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Five trends in the UK cyber insurance market

In this article, our cyber team explore five shifts we have seen in the cyber insurance marketplace during 2023.
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The UK continues to be a profitable target for cyber criminals, with malicious attacks on digital systems and technology impacting organisations in a variety of sectors. More than 37% of large businesses have become a victim of cybercrime, according to the UK Government. 

In the context of increasingly sophisticated attacks and a widened threat landscape, the UK cyber insurance market in 2023 has experienced an influx of new buyers that are benefitting from stabilising rates following post-pandemic highs. New entrants into the market have sparked competition, and clients have benefitted from strengthening coverage and capacity as a result. 

Hundreds of cyberattacks occur every month in the UK, and the increasingly sophisticated methods of threat actors mean organisations of all sizes have been impacted. High profile cyberattacks in 2023 were reported by organisations ranging from government agencies and retailers to media outlets. 

A number were affected through vulnerabilities in their IT supply chains, reinforcing the need for vigilance around cybersecurity controls, such as rigorous monitoring of the measures taken by vendors and suppliers. The events included ransomware among other attacks which regularly exposed customer data, interfered with supply chains, and more. 

UK cyber insurance market trends in 2023

Against this background, there have been shifts in the insurance marketplace in 2023, including:

  1. Pricing: Cyber insurance pricing continued to decline, on average, through the year. In the third quarter, pricing dropped 8% for clients with annual revenues of over £250 million, compared to year-over-year increases averaging 38% in the same quarter a year earlier. Of these clients, 71% experienced price decreases this year. Price reductions on excess layers were generally more significant.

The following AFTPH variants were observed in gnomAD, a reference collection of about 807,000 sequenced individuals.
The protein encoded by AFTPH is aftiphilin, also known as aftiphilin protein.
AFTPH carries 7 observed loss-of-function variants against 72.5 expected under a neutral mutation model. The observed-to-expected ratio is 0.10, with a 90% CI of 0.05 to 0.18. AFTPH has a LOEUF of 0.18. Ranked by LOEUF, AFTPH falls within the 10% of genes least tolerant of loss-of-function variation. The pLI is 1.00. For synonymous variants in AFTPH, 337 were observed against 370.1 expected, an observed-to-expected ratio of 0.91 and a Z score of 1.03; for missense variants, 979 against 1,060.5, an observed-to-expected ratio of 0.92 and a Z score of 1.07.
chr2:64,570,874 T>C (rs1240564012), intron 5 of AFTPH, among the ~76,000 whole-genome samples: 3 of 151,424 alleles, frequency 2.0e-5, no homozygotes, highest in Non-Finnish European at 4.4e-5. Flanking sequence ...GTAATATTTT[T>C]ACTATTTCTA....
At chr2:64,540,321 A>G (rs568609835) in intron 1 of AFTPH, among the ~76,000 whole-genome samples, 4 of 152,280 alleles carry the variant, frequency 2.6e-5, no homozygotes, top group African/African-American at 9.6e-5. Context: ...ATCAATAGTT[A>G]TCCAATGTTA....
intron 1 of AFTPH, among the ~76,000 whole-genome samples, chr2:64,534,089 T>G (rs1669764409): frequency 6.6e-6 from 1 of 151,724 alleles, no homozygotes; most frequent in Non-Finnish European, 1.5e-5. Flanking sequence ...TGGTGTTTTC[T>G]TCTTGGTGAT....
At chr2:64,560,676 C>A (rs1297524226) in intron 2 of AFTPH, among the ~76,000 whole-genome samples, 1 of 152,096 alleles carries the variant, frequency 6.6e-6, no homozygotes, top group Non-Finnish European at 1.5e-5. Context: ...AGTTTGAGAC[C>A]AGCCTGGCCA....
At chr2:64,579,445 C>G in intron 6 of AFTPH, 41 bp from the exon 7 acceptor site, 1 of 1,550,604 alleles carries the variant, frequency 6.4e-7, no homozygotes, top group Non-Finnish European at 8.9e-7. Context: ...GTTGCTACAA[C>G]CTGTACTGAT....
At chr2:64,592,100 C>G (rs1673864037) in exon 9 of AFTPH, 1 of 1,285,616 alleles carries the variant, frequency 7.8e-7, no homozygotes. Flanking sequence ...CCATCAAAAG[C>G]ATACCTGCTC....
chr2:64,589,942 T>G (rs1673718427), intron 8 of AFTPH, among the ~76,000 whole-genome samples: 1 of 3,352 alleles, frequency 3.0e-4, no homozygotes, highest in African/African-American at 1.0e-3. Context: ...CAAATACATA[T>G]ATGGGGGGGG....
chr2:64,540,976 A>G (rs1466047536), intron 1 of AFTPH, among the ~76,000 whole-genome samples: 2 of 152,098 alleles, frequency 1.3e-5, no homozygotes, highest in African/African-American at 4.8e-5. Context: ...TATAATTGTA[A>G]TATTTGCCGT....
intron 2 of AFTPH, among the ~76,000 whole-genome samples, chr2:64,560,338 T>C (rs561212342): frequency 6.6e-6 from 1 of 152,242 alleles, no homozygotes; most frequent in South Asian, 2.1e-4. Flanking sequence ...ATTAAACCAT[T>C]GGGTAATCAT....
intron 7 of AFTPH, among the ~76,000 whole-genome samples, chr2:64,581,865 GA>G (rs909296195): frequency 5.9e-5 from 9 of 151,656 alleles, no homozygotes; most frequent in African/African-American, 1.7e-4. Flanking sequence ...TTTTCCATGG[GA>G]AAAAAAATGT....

2. Limits and capacity: In the second quarter of 2023 insurers typically continued to remove some restrictions to existing coverage. Capacity increased amid ongoing Lloyd’s support for the cyber market. More than 9% of clients increased their retention in the third quarter, which may indicate increased confidence in their cybersecurity measures.
  3. Claims: Claim volumes have risen in 2023 compared to last year, with ransomware remaining a key factor. Threat actors continue to use innovative and sophisticated ways to cause disruption. Almost half of total claims to date in 2023 have emanated from attacks on the IT supply chain. However, trends suggest that the ransomware model may be becoming more difficult to monetise. 
  4. Underwriting: Systemic cyber risks remain a top concern. Insurers are typically including specific war and territorial exclusions in policies,  with war exclusion language  in line with Lloyd’s requirements. Underwriters are scrutinising areas that are directly relevant to the threat landscape, such as data collection practices and vendor management. Despite this, an injection of capital into the cyber insurance market has resulted in broader options for clients.